As economies grow, be they developed like the U.S. or developing such as China, services gain a bigger share of spending while spending on goods fall. That’s another long-term deterrent to oil demand and the energy needed to produce goods.


via www.hellenicshippingnews.com/oil-bulls-and-perpetual-surpluses-dont-mix/

Tuesday, October 2, 2018

US will win the Trade war | The Buyer has power over the Seller

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See below for Transcript from Business Insider video


Here's the point that I continue to make. When you've got plenty of supply in the world, and I think you do — plenty of industrial capability, plenty of raw materials and so on — it's the buyer that has the upper hand not the seller. The buyer has the ultimate power and who's the buyer? US is the buyer, China is the seller. And besides that, if you say, if we weren't buying all those consumer goods from China, and you and I enjoy them, they're cheap, they're great. But if we weren't buying them, where would China sell them? They have no other place to sell them, and in the meanwhile, China's growth is slowing.

They've got a problem of huge debt expansion they're trying to curb, they're trying to deal with a shadow lending — a shadow banking system and so on and so forth. China isn't going to collapse obviously, but I think in this trade war, that the US has the upper hand.

If you look at how this whole thing developed, after World War II, the rest of the world was pretty much in ashes and we were promptly into the Cold War, so I think that implicitly or explicitly, we basically said, "We will let Japan and Europe export freely into the US," because that gave them the growth to revive in a postwar era and that was cheaper for us than garrisoning even more US troops around the world and having more border wars. Well, that was fine, but that era's over, and globalization has replaced it, so it's an entirely different scene, and I think as a result, you have this situation where China — China, you know, grew basically through exports and they went to Europe and North America.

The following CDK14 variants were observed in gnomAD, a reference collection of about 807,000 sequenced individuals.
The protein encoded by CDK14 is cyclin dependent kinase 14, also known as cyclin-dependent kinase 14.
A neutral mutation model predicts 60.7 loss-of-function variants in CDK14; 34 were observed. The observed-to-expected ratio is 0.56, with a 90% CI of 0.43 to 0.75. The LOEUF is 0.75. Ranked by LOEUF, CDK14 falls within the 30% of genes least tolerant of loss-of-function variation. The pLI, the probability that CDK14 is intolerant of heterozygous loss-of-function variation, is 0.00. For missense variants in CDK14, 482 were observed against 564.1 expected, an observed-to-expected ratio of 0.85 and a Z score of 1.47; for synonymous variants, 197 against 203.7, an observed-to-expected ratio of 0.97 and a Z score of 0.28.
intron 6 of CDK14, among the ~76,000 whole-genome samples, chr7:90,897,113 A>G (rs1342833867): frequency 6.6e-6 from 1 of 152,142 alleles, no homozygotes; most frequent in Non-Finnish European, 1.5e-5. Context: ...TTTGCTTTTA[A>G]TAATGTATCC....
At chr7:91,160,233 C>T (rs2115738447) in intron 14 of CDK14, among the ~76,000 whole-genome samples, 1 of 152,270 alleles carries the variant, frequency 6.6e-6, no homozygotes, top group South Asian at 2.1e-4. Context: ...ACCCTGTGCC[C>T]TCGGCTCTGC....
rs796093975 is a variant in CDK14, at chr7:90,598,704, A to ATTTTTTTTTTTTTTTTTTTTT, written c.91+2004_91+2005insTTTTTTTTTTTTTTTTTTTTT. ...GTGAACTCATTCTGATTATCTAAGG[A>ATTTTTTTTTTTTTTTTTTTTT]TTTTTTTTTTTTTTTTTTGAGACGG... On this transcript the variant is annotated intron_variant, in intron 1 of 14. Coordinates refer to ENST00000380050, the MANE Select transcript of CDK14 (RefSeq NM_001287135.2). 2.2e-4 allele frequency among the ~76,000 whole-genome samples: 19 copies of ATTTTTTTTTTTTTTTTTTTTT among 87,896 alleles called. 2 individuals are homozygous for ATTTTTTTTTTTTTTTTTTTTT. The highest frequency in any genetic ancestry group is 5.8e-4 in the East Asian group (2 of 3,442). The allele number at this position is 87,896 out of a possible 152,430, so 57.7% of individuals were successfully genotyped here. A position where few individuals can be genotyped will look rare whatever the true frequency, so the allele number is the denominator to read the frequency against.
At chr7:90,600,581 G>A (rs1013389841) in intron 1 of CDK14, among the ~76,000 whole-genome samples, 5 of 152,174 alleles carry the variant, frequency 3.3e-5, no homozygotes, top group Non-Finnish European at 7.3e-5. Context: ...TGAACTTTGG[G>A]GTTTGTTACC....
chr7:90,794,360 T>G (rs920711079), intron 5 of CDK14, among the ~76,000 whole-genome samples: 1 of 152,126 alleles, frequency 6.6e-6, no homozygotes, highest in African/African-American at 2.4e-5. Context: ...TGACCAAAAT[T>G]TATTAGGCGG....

But you know, they did it with some rather underhanded — we'd let them into the World Trade Center in 2001 and they basically have not fulfilled their promises, they have not opened up their technology, they're not opening up to our investments, they steal our technology, they demand tech transfers for companies that want to operate in China and so on. And so you've got a situation now where China is basically playing by the old game, when everybody could export to the US, but now when you see the unemployment problem, no growth and purchasing power for the average guy — the non-supervisory and production employees — no growth in real incomes for a decade and that has changed the whole scene and I think that's really what has gotten Trump elected and he's basically saying, "Hey wait a minute. We've got the upper hand here and we're going to go ahead."

I mean, people say nobody wins trade wars. Yeah, in the short-run you don't, but in the long-run ... the US will be better off.

Now, they could go to the mat. Xi, who is basically the president for life in China, and Trump, he won't be around forever of course, but they could go to the mat and you could get a really nasty, all-out trade war and a serious global recession. I'm not predicting that. I think they probably will settle and China will begrudgingly give ground. They'll import more US goods, they'll ease up on required tech transfers, steal less of it. They're not going to change their views entirely, but I think under pressure, they probably will give way and we'll end up winning the trade war.

I mean, people say nobody wins trade wars. Yeah, in the short-run you don't, but in the long-run, if it's a matter of changing what has been the world exporting to the US and the US buying it and what do we do? We give them paper. That's why they own half of our treasuries. I think that is being reversed and in the long-run, the US will be better off.

Monday, July 30, 2018

US home prices like to go higher

US residential market has a supply and demand issue says Gary Shilling in a Bloomberg article. He points that construction material costs, construction wages have gone up and investors holding properties longer as signs of supply issues.


"Residential construction is a small but very volatile component of the economy, accounting for 3.9 percent of GDP in the first quarter. Still, it can have oversized effects on overall economic performance due to its volatility. As a share of real GDP, it fell from 6.7 percent in late 2005 to 2.5 percent in early 2011 during the subprime mortgage collapse. That decline of 4.2 percentage points in itself constitutes a major recession."

"Housing activity is likely to recover further, but many of the supply and demand deterrents are unlikely to dissipate soon. As a result, residential construction is likely to be a much more subdued component of the economy for some time."